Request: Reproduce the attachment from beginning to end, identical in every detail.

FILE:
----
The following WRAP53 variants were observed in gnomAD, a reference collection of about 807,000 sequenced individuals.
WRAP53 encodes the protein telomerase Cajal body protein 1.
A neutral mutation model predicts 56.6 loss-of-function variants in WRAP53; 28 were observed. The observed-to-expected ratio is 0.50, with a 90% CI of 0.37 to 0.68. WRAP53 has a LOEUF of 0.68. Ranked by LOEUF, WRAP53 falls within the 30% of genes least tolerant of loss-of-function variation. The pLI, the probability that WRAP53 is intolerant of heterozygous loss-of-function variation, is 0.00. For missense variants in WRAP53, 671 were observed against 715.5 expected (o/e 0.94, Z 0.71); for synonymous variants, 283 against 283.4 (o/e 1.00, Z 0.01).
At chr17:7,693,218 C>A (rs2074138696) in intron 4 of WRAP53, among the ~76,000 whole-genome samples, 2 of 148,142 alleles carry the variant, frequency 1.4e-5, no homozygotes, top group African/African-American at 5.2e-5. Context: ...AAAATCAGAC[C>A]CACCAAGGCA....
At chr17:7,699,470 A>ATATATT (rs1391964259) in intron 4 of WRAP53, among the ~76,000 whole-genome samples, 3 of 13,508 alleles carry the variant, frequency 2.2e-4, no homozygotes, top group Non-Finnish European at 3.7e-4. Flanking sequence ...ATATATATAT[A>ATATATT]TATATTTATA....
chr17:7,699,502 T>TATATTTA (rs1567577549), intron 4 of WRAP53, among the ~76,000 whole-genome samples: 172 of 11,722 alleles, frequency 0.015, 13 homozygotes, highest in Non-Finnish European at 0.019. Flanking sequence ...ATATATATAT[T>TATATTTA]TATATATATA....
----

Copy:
The following WRAP53 variants were observed in gnomAD, a reference collection of about 807,000 sequenced individuals.
WRAP53 encodes the protein telomerase Cajal body protein 1.
A neutral mutation model predicts 56.6 loss-of-function variants in WRAP53; 28 were observed. The observed-to-expected ratio is 0.50, with a 90% CI of 0.37 to 0.68. WRAP53 has a LOEUF of 0.68. Ranked by LOEUF, WRAP53 falls within the 30% of genes least tolerant of loss-of-function variation. The pLI, the probability that WRAP53 is intolerant of heterozygous loss-of-function variation, is 0.00. For missense variants in WRAP53, 671 were observed against 715.5 expected (o/e 0.94, Z 0.71); for synonymous variants, 283 against 283.4 (o/e 1.00, Z 0.01).
At chr17:7,693,218 C>A (rs2074138696) in intron 4 of WRAP53, among the ~76,000 whole-genome samples, 2 of 148,142 alleles carry the variant, frequency 1.4e-5, no homozygotes, top group African/African-American at 5.2e-5. Context: ...AAAATCAGAC[C>A]CACCAAGGCA....
At chr17:7,699,470 A>ATATATT (rs1391964259) in intron 4 of WRAP53, among the ~76,000 whole-genome samples, 3 of 13,508 alleles carry the variant, frequency 2.2e-4, no homozygotes, top group Non-Finnish European at 3.7e-4. Flanking sequence ...ATATATATAT[A>ATATATT]TATATTTATA....
chr17:7,699,502 T>TATATTTA (rs1567577549), intron 4 of WRAP53, among the ~76,000 whole-genome samples: 172 of 11,722 alleles, frequency 0.015, 13 homozygotes, highest in Non-Finnish European at 0.019. Flanking sequence ...ATATATATAT[T>TATATTTA]TATATATATA....